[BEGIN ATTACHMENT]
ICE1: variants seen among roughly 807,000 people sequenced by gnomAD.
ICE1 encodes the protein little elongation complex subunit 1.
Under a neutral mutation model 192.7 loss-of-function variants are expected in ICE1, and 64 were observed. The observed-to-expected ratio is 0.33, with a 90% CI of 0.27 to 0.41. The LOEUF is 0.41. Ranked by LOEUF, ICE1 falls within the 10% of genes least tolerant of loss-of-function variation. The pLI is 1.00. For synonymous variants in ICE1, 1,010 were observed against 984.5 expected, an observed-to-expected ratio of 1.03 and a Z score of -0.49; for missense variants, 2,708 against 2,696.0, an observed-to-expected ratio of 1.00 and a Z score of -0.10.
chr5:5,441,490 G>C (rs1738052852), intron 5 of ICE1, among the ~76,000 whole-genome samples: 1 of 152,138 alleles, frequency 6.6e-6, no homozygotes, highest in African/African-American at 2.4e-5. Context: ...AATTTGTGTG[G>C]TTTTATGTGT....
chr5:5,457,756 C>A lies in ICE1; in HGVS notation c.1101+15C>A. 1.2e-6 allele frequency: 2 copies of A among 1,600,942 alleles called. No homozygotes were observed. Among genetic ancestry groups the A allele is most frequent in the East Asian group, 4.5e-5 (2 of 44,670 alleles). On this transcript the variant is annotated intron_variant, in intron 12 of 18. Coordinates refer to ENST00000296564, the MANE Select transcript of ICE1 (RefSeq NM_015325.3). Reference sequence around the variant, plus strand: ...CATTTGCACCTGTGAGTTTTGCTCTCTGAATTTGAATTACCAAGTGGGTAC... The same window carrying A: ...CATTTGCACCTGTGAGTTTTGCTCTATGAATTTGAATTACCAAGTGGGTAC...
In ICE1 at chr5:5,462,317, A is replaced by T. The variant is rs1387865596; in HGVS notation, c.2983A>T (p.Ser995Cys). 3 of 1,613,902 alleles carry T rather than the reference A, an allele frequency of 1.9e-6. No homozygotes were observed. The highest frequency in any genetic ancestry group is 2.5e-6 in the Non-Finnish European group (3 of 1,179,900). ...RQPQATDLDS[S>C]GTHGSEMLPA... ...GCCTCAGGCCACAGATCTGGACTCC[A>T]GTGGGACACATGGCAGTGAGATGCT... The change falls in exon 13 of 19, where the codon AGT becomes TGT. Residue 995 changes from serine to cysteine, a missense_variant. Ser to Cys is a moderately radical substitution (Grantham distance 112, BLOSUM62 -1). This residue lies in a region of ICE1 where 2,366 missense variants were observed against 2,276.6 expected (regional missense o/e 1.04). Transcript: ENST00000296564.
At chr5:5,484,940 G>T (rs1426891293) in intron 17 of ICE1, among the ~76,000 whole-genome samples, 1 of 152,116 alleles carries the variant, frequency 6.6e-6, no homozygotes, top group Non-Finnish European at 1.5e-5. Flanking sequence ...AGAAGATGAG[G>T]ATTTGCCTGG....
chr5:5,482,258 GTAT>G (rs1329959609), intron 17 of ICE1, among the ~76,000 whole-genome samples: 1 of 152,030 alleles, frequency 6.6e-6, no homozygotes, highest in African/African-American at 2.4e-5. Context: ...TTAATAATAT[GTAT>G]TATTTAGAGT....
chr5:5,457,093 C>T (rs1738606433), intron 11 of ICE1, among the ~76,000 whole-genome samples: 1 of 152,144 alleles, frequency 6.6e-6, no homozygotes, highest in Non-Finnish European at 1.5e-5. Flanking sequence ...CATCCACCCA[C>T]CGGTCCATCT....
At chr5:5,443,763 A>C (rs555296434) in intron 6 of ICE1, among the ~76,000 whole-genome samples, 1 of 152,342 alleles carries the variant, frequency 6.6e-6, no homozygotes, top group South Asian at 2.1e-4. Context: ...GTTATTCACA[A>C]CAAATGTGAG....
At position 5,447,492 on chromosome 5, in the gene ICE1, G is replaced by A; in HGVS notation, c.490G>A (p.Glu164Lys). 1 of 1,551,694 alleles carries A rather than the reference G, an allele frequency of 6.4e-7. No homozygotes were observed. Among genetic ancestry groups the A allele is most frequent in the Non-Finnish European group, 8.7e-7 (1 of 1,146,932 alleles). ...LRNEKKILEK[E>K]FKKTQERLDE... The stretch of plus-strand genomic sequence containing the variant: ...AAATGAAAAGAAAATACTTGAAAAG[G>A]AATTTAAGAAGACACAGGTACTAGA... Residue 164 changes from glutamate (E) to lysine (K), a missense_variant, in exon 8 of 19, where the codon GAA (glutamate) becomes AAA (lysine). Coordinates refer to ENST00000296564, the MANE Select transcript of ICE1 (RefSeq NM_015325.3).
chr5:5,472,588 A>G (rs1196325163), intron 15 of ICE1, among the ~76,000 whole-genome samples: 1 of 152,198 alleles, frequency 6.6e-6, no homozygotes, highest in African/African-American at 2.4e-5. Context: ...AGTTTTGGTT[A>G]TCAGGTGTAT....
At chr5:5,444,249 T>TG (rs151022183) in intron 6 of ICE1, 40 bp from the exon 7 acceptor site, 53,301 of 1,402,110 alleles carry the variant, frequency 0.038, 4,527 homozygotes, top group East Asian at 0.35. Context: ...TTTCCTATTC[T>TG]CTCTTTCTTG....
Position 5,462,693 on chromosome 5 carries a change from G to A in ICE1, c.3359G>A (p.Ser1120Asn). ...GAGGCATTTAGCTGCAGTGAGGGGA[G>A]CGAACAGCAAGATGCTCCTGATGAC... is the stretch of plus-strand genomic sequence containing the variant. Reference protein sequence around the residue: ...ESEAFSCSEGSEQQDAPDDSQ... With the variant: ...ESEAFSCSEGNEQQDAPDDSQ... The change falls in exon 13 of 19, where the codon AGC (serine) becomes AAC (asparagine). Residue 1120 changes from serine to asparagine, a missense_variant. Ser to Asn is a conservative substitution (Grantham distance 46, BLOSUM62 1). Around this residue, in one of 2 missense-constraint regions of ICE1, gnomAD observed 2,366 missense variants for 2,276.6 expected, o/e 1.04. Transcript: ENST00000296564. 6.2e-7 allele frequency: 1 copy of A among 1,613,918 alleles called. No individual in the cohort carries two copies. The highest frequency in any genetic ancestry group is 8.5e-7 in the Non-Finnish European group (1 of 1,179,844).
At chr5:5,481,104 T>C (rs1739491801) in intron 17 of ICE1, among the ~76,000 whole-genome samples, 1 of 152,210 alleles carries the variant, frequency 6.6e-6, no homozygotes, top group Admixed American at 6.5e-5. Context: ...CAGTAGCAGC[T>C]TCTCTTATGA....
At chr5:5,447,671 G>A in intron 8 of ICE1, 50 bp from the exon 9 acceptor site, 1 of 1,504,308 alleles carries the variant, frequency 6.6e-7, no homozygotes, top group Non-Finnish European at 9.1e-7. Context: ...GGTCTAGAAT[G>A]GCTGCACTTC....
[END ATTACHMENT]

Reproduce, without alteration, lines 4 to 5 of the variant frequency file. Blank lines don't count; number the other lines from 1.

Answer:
chr5:5,441,490 G>C (rs1738052852), intron 5 of ICE1, among the ~76,000 whole-genome samples: 1 of 152,138 alleles, frequency 6.6e-6, no homozygotes, highest in African/African-American at 2.4e-5. Context: ...AATTTGTGTG[G>C]TTTTATGTGT....
chr5:5,457,756 C>A lies in ICE1; in HGVS notation c.1101+15C>A. 1.2e-6 allele frequency: 2 copies of A among 1,600,942 alleles called. No homozygotes were observed. Among genetic ancestry groups the A allele is most frequent in the East Asian group, 4.5e-5 (2 of 44,670 alleles). On this transcript the variant is annotated intron_variant, in intron 12 of 18. Coordinates refer to ENST00000296564, the MANE Select transcript of ICE1 (RefSeq NM_015325.3). Reference sequence around the variant, plus strand: ...CATTTGCACCTGTGAGTTTTGCTCTCTGAATTTGAATTACCAAGTGGGTAC... The same window carrying A: ...CATTTGCACCTGTGAGTTTTGCTCTATGAATTTGAATTACCAAGTGGGTAC...